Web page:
Just like the Buddha at Kamakura, it is also possible to actually go inside of the Buddha statue from the back. On the outer corridor of the first floor and the inner part of the Buddha there is a depiction of the Buddhist afterlife including both paradise and hell along with proverbs. On the second floor there is a memorial for those who have died in wars.
After taking a few pictures of the grand Buddha, we walked back to the bus stop. Showa Daibutsu and the temple grounds are a perfect place to spend some time in peace and tranquility. If you are in Aomori, it is a nice day tour to go on to replenish your zen energy.
What to know before you go…
One of the best times to visit Showa Daibutsu is in November before the snow makes the region a little hard to traverse.
You can also visit during the Bon Festival in mid-August, when the Shingon Temples hold light ceremonies to honor the spirits of the ancestors. This Buddhist-Confucian custom commonly referred to as the Feast of Lanterns, commemorates the spirits of dead ancestors. The Seiryu-ji Temple is no different in this respect, holding grand light ceremonies for the entirety of the Bon Festival.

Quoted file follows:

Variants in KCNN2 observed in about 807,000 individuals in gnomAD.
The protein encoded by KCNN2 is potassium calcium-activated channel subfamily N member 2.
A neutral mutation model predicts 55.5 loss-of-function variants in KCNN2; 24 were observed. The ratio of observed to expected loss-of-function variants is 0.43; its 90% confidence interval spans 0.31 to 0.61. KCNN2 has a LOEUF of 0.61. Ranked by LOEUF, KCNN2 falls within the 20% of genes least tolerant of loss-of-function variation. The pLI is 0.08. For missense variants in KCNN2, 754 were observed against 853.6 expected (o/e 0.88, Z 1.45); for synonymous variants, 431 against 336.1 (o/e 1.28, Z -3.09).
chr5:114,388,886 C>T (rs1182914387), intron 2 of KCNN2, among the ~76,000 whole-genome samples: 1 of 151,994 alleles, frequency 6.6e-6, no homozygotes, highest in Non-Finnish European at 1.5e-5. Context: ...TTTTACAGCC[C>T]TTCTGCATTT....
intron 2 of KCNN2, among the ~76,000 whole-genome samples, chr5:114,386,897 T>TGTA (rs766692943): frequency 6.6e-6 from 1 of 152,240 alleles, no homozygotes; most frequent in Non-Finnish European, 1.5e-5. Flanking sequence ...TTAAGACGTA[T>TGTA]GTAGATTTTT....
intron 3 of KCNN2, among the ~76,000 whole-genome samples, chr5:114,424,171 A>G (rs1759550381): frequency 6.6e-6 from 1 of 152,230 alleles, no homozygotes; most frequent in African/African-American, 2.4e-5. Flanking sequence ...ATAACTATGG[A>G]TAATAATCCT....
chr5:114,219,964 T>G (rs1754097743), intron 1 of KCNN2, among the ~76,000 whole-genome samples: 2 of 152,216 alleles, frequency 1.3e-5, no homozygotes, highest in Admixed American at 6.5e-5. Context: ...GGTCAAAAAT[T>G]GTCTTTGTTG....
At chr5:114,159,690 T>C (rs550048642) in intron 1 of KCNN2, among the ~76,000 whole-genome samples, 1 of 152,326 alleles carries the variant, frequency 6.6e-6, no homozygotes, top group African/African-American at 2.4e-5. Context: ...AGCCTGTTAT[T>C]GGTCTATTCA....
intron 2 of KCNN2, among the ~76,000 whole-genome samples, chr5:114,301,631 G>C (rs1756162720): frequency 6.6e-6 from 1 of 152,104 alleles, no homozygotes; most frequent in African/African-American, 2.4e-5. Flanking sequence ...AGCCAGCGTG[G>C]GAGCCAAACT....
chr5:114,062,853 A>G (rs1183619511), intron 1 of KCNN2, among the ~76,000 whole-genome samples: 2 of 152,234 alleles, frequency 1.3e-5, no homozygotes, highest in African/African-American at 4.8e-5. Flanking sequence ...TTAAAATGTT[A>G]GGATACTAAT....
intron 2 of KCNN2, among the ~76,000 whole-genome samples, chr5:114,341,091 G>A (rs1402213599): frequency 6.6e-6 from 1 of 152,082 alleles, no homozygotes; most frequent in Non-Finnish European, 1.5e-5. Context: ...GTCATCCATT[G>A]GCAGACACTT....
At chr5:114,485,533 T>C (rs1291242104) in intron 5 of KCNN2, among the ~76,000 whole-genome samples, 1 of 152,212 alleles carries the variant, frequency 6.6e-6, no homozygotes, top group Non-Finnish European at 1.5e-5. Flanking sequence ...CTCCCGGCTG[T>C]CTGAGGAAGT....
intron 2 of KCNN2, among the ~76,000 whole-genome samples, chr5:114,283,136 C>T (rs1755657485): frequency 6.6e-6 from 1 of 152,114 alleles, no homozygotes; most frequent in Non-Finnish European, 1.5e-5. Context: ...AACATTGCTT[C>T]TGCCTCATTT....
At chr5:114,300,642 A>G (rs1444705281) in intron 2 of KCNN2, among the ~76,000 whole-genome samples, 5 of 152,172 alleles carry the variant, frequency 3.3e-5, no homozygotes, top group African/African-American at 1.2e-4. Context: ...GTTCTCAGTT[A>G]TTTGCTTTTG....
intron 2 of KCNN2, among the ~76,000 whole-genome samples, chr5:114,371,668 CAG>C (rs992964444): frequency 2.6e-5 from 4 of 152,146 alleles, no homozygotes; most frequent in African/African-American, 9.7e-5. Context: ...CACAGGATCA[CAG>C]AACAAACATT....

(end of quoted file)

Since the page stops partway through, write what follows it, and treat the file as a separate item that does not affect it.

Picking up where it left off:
Thanks for reading. Please leave me a comment if you liked the post or follow my story as I visit the jewel of Hokkaido in Hakodate.
8:00 a.m. – 5:30 p.m. April – October
9:00 a.m. – 4:30 p.m. November – March
Disclaimer: The information presented in this article is based on the time I visited the premises. Note that there might be changes in the prices of merchandise and admission fees that might have occurred after this article was published. At times the facility might also be closed for repairs or for variety of other reasons. Kindly contact the facility or facilities mentioned in this article directly before visiting.
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Credits: The historical information presented herein is gathered mostly from local guides that were re-inforced via historical writings.